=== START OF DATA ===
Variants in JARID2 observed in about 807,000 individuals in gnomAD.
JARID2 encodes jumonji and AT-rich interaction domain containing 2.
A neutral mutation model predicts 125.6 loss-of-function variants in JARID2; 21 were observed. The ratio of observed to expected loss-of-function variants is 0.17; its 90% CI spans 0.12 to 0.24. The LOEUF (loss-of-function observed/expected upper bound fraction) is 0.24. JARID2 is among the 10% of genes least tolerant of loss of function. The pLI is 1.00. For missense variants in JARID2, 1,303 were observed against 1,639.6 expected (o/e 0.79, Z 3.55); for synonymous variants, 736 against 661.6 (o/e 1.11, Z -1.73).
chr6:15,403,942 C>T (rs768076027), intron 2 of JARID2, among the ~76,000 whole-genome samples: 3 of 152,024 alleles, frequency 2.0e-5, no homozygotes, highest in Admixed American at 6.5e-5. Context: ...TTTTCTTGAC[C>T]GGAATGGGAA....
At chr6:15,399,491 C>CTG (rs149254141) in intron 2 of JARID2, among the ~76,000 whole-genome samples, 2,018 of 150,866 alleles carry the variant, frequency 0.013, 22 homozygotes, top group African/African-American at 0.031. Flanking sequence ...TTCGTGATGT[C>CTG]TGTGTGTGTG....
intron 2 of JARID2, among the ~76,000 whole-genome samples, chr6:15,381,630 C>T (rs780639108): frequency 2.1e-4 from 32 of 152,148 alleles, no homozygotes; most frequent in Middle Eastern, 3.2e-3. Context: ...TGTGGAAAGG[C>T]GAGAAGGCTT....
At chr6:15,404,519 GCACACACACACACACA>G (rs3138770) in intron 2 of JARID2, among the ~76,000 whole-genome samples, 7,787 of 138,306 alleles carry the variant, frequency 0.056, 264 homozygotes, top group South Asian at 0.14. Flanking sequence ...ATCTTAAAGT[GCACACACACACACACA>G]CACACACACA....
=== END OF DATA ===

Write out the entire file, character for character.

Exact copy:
Variants in JARID2 observed in about 807,000 individuals in gnomAD.
JARID2 encodes jumonji and AT-rich interaction domain containing 2.
A neutral mutation model predicts 125.6 loss-of-function variants in JARID2; 21 were observed. The ratio of observed to expected loss-of-function variants is 0.17; its 90% CI spans 0.12 to 0.24. The LOEUF (loss-of-function observed/expected upper bound fraction) is 0.24. JARID2 is among the 10% of genes least tolerant of loss of function. The pLI is 1.00. For missense variants in JARID2, 1,303 were observed against 1,639.6 expected (o/e 0.79, Z 3.55); for synonymous variants, 736 against 661.6 (o/e 1.11, Z -1.73).
chr6:15,403,942 C>T (rs768076027), intron 2 of JARID2, among the ~76,000 whole-genome samples: 3 of 152,024 alleles, frequency 2.0e-5, no homozygotes, highest in Admixed American at 6.5e-5. Context: ...TTTTCTTGAC[C>T]GGAATGGGAA....
At chr6:15,399,491 C>CTG (rs149254141) in intron 2 of JARID2, among the ~76,000 whole-genome samples, 2,018 of 150,866 alleles carry the variant, frequency 0.013, 22 homozygotes, top group African/African-American at 0.031. Flanking sequence ...TTCGTGATGT[C>CTG]TGTGTGTGTG....
intron 2 of JARID2, among the ~76,000 whole-genome samples, chr6:15,381,630 C>T (rs780639108): frequency 2.1e-4 from 32 of 152,148 alleles, no homozygotes; most frequent in Middle Eastern, 3.2e-3. Context: ...TGTGGAAAGG[C>T]GAGAAGGCTT....
At chr6:15,404,519 GCACACACACACACACA>G (rs3138770) in intron 2 of JARID2, among the ~76,000 whole-genome samples, 7,787 of 138,306 alleles carry the variant, frequency 0.056, 264 homozygotes, top group South Asian at 0.14. Flanking sequence ...ATCTTAAAGT[GCACACACACACACACA>G]CACACACACA....